This is a little known science fiction book from the 1980's, that I bought when I was in highschool at my favorite store, Redux - Used Junk. It was wedged between a comic book-sci fi store and someplace that bought used jeans on Broadway, near Garfield school, in Boise, ID. I used to stop in there and talk to the owners on my way home from school and if I had any money I bought a paperback for a dollar or two. I was was drawn in by the eclectic shop and its bohemian owners that made their living as waiters to pay the bills while running the store in between trips to South America in their VW bus.
Whenever I read Gypsies, I think of their store. When I see the characters in my head, I see the owners: the beautiful, but aging hippies. It is the tale of a family that has the ability to step between alternate realities. The spectrum of possibilities being infinite they are limited by their imaginations to the worlds they can find and explore. But, they have not really explored or even used their talents. The family consists of three children Karen the oldest and the responsible one, Laura the ex hippy, and Tim the rebellious angry youngest brother, now grownup. Their parents were killed gruesomely and they were raised by adoptive parents. Their adoptive father, Willis, saw their skills as evil and beat them violently whenever he caught them "making doors" or "windows." This because inevitably afterwards they would be pursued by "the grey man" that had murdered their parents. Willis wordlessly would move them to a new location, beat them all soundly, and it would all begin again.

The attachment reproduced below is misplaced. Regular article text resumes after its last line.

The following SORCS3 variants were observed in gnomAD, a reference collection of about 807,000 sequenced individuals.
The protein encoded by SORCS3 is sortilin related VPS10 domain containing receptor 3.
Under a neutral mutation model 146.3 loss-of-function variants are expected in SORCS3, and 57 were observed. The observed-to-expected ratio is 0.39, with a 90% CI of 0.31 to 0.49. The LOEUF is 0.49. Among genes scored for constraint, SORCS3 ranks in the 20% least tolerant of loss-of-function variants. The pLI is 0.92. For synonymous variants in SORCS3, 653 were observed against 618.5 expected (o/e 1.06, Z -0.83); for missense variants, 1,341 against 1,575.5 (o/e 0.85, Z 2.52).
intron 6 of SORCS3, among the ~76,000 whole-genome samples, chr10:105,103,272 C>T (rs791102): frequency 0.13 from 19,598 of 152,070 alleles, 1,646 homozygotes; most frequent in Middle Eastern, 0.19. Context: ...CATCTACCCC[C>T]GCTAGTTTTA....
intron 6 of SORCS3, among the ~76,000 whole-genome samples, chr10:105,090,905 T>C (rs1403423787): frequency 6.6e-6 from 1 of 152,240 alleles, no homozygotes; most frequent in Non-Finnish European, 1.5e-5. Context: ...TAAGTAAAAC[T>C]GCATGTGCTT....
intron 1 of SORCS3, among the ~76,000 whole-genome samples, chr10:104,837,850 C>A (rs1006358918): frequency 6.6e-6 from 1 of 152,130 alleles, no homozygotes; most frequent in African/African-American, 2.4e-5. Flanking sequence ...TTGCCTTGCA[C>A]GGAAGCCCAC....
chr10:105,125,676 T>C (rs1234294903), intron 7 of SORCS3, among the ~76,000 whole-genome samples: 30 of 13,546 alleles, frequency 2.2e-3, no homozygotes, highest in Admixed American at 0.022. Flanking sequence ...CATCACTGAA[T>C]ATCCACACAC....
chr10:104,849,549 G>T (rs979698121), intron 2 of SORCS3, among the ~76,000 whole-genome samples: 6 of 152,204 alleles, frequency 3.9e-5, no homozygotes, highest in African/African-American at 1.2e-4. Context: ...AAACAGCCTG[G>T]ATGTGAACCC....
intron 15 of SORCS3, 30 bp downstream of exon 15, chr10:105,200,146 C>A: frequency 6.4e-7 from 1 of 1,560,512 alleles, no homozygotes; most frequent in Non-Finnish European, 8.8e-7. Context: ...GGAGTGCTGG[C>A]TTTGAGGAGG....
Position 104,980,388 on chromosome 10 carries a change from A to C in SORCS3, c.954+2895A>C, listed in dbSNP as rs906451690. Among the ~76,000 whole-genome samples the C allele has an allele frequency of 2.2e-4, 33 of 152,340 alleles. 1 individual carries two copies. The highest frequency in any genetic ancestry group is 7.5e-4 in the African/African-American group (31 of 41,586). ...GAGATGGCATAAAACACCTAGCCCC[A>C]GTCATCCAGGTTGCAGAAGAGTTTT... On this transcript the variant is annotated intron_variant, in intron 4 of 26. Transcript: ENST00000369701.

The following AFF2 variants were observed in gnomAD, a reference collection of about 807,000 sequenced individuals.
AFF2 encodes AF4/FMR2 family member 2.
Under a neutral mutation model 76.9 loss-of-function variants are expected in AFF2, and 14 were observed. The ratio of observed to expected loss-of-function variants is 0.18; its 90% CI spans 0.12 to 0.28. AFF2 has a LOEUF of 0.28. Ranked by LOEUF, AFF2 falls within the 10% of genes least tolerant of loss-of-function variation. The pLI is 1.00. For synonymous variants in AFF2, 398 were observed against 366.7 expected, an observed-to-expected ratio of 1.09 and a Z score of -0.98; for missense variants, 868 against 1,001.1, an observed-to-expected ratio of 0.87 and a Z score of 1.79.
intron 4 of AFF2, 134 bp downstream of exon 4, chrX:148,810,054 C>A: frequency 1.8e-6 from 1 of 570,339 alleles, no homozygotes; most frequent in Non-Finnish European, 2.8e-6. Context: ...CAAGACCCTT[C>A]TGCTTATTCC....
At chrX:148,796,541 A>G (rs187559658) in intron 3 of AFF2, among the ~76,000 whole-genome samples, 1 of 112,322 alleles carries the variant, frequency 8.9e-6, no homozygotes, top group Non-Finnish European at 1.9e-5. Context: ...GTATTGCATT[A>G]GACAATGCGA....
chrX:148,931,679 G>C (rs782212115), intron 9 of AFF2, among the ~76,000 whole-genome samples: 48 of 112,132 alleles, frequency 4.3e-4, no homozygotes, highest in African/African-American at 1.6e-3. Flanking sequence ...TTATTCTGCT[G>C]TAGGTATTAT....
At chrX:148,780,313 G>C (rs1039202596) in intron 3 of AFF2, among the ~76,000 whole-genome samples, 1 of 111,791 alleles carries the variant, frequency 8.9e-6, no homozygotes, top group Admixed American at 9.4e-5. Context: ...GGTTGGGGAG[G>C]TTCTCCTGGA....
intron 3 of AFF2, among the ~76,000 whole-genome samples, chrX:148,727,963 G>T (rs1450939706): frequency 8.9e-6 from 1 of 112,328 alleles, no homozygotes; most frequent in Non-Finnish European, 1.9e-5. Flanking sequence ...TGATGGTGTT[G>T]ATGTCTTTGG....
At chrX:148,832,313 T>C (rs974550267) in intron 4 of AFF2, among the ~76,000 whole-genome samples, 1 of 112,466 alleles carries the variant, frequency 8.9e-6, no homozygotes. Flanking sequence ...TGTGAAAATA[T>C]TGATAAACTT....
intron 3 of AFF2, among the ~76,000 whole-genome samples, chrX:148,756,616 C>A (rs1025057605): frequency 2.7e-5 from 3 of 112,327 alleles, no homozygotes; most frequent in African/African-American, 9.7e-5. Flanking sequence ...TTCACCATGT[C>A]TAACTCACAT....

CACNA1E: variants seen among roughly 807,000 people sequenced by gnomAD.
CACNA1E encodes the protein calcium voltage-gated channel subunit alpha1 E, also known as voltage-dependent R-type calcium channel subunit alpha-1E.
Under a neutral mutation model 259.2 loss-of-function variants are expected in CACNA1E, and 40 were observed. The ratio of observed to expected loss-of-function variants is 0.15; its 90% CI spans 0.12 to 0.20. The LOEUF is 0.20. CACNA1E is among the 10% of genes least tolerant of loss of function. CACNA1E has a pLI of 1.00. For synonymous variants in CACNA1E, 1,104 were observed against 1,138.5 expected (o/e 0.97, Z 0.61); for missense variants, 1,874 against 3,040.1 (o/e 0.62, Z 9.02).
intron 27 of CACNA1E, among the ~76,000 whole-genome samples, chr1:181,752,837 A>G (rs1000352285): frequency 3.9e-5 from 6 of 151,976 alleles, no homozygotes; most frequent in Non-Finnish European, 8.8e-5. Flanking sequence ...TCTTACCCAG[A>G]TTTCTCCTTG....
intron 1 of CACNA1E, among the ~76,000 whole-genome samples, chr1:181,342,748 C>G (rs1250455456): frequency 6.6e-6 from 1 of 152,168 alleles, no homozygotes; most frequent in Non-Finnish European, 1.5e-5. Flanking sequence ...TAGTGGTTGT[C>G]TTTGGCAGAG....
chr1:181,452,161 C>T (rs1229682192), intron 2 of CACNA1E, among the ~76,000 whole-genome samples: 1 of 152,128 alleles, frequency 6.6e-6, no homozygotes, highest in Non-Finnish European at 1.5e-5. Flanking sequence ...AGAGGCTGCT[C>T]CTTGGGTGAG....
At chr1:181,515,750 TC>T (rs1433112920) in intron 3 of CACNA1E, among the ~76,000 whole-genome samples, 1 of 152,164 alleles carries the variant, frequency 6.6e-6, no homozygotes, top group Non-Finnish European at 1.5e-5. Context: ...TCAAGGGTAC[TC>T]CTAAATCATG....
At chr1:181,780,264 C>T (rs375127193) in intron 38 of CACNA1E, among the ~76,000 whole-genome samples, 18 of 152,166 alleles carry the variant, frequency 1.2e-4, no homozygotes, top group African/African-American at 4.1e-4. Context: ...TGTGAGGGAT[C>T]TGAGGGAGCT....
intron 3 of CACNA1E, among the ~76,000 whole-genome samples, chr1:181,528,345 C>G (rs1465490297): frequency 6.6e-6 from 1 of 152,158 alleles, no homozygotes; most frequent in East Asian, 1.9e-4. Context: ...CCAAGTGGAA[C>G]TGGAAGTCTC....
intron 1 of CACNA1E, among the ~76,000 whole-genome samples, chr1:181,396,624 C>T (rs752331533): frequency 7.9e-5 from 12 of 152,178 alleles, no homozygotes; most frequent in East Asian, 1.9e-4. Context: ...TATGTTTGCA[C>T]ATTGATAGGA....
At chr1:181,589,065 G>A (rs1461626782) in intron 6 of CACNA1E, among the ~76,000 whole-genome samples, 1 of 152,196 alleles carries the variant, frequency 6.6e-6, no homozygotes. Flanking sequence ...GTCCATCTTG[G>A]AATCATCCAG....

The story begins with Karen's divorce and realization that her son Michael has their talent, and is pursued by the Grey Man. She runs to her sister, Laura, and together the three attempt to find out the truth about their family and their talents. In the process they have to confront Willis, their brother, Tim, the Gray Man, and even travel to Novus Ordu, an alternative America where magic is real, and their parents were created as part of a mystical military industrial complex.
What makes this one of my favorite books, is that the bulk of the story is about the family, about the consequences of what happened before they want to remember. The need to understand feelings and memories suppressed since childhood because of unravelling adult life is also very real, and grounds the fantastical premise of the book. The characters are mundane, normal, but that is a great strength in a genre where too often all the men are ruggedly handsome, miraculously resourceful, and the women beautiful, busty, but shallow and unimportant. It makes the incredible situations believable.
I also love the descriptions of the worlds, that feel real enough that they could be out there, if only we knew how to get there.